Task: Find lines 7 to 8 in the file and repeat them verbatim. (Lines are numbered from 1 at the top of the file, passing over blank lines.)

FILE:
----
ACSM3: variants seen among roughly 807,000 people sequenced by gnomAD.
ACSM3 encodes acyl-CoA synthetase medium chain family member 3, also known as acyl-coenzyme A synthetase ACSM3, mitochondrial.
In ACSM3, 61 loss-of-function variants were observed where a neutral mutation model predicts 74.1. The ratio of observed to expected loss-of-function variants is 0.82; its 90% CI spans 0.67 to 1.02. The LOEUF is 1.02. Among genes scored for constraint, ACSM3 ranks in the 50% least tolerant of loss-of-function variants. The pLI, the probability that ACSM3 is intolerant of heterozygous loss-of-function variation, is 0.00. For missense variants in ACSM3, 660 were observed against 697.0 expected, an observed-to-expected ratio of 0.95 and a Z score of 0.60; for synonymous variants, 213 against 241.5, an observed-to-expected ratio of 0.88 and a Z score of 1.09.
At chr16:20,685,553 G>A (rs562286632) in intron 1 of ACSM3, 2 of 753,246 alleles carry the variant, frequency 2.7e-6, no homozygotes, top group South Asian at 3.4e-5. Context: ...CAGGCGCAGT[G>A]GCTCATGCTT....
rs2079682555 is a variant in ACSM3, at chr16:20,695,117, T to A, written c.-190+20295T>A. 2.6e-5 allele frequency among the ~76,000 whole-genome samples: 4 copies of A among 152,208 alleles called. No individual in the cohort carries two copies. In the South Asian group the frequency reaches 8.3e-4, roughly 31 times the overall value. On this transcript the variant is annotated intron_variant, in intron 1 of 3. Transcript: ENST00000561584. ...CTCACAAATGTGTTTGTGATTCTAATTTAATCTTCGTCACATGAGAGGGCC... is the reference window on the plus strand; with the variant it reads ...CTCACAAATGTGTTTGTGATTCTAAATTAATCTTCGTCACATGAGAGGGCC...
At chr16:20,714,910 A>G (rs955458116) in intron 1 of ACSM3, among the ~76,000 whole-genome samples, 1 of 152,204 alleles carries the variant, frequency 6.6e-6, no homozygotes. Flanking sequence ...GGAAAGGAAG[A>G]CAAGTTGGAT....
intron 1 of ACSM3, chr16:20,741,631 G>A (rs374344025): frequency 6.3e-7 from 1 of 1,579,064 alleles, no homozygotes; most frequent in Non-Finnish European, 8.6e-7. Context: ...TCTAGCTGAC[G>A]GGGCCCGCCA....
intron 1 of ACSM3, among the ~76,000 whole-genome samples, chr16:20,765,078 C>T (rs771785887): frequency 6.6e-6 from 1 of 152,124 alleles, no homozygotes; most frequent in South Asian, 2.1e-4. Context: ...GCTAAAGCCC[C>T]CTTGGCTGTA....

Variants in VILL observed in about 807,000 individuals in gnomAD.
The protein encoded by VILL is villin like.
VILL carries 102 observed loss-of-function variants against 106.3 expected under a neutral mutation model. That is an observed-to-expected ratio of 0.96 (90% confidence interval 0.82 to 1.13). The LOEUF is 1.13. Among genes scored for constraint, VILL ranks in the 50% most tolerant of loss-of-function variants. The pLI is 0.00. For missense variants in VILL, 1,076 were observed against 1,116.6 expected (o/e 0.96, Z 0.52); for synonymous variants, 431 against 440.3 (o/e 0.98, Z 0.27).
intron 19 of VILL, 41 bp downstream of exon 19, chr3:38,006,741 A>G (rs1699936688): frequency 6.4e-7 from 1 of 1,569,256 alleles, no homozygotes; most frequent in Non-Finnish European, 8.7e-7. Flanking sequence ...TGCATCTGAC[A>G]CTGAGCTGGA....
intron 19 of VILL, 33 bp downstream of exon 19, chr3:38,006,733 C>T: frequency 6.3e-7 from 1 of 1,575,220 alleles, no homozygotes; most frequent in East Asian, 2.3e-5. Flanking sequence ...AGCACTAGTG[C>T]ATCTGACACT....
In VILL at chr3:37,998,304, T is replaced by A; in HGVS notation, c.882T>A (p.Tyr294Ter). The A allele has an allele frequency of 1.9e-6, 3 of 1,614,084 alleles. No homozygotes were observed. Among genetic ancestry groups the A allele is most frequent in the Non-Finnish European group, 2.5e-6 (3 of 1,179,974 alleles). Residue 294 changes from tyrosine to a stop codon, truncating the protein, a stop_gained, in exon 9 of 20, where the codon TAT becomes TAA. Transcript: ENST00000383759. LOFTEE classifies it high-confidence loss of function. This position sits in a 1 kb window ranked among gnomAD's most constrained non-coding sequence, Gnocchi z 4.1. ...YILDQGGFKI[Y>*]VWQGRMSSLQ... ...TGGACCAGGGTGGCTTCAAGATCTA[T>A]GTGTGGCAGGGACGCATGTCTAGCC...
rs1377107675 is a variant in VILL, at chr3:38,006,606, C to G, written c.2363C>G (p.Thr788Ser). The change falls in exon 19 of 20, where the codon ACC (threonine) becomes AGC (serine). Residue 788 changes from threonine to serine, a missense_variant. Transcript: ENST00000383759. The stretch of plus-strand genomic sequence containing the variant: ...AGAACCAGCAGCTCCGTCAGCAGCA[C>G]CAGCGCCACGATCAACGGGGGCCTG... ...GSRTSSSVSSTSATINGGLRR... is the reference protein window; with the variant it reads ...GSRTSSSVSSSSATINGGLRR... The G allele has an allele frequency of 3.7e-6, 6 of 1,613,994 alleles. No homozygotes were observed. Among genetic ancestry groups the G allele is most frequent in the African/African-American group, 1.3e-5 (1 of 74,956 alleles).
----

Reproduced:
intron 1 of ACSM3, chr16:20,741,631 G>A (rs374344025): frequency 6.3e-7 from 1 of 1,579,064 alleles, no homozygotes; most frequent in Non-Finnish European, 8.6e-7. Context: ...TCTAGCTGAC[G>A]GGGCCCGCCA....
intron 1 of ACSM3, among the ~76,000 whole-genome samples, chr16:20,765,078 C>T (rs771785887): frequency 6.6e-6 from 1 of 152,124 alleles, no homozygotes; most frequent in South Asian, 2.1e-4. Context: ...GCTAAAGCCC[C>T]CTTGGCTGTA....